A Little Dab’ll Do Ya Sort of Faith (Mark 4)

Warning here: Unless you are pretty close to my age (Randy writing), you might be lost in this opening illustration.

I remember a particular men’s hair product being advertised frequently on black and white TV when I was a kid. It was for something called “Brylcreem.” You put this stuff in your hair – just a dab of it, mind you – and it would make everything unruly come perfectly together. The jingle went like this: “Brylcreem — A Little Dab’ll Do Ya! Brylcreem — You’ll look so debonaire. Brylcreem — The gals’ll all pursue ya; they’ll love to run their fingers through your hair!”

A lot of folks are into “a little dab’ll do ya” sort of faith. You just expose yourself to a little bit of it here and there, and wow, it goes a long, long way.

In our passage in Mark 4, Jesus spoke of this kind of perspective with the second of the four soils he would mention in his parable…

 Some seed fell on rocky places, where it did not have much soil. It sprang up quickly, because the soil was shallow. But when the sun came up, the plants were scorched, and they withered because they had no root. 

The shallow nature of soil can sometimes be seen even in a person’s lawn. I have two of these conditions in my own large yard.

Being rather far into the country, we have a septic system rather than sewer connections. There is a main distribution box made of concrete that is in the back yard, rather shallow under the surface. I was worried when we built the house that I may not be able to find it if I needed to, but there’s no concern about that. Except in very wet and cool conditions, the square outline of the box location is often obvious, as the heat of the sun burns away the grass above it due to the shallow roots.

As well in my yard, I have the common Western Maryland condition of limestone rock outcroppings. A few places they stick clearly out of the ground, and I need to be careful that my mower does not experience intimate fellowship with the rock. But other places are only minimally covered by the soil, and in dry periods I am reminded of the stone just under the surface.

Again as Jesus returned later to tell the disciples of the meaning of the parable, he said this …

16 Others, like seed sown on rocky places, hear the word and at once receive it with joy. 17 But since they have no root, they last only a short time. When trouble or persecution comes because of the word, they quickly fall away.

The meaning here is that certain people start out quickly in faith. They have a joyful experience, perhaps at a retreat, a concert, a conference, or even a church service attended. It is fresh and exciting, though it lasts about as long as a green banana before it turns rather quickly to yellow, and then to brown.

I call this sort of person a “dabbler” in faith. So what makes people only dabble in a relationship with God?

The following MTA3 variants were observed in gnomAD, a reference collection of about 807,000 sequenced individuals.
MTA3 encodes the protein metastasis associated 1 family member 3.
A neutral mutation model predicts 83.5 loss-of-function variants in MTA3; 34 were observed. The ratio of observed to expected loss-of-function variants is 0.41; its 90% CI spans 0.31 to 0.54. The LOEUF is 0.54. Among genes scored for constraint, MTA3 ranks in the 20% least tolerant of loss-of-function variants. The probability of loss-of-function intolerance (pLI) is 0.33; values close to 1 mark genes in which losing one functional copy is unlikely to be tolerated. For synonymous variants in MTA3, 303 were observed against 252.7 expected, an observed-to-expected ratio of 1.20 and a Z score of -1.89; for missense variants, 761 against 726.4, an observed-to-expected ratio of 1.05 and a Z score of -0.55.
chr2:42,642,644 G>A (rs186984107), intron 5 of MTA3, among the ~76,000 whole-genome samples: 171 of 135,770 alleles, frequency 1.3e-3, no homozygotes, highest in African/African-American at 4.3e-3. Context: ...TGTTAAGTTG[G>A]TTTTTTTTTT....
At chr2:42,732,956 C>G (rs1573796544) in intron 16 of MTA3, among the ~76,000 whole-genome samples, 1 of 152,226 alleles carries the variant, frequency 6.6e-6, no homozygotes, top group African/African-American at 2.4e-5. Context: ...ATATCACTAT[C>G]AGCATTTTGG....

The text tells us the two main things that happen: troubles in life, and persecution. Both are inevitable in this world, a spiritual sort of “death and taxes” thing.

Troubles – We live in a fallen world with broken bodies that are falling apart.  Beyond that we live here with everyone else who is as broken as we are. Nothing is more discouraging than the physical stuff that wears on us in a chronic way, or the relational stuff gone awry.

Persecution – Jesus said it would happen, saying that as the world persecuted him, it would persecute his followers. The Scriptures say that all who desire to live godly in Christ Jesus will be persecuted. The world hates truth and the God of truth.

But if all you have is a dab of faith to rely upon when trials or persecutions find their way to your address, it aint’ agonna do ya.

Dabblers are not against church, they actually like it for the most part … that is, when they get there because there wasn’t anything else to do that week. They have hopes of coming regularly, but honestly, something else always come up. They want to be regular in Scripture reading and some sort of enrichment, but they never get started or make the arrangement to do it.

You don’t dabble into food once a month or so. You don’t brush your teeth every couple of weeks, just to get by. You don’t change the oil in your car once every other year. So why would dabbling in faith work out?

This entry was posted in Rooted and tagged by Randy Buchman. Bookmark the permalink.

About Randy Buchman

I live in Western Maryland, and among my too many pursuits and hobbies, I regularly feed multiple hungry blogs. I played college baseball, coached championship cross country teams at Williamsport (MD) High School, and have been a sportswriter for various publications and online venues. My main profession is as the lead pastor of a church in Hagerstown called Tri-State Fellowship. And I'm active in Civil War history and work/serve at Antietam National Battlefield with the Antietam Battlefield Guides organization. Occasionally I sleep.

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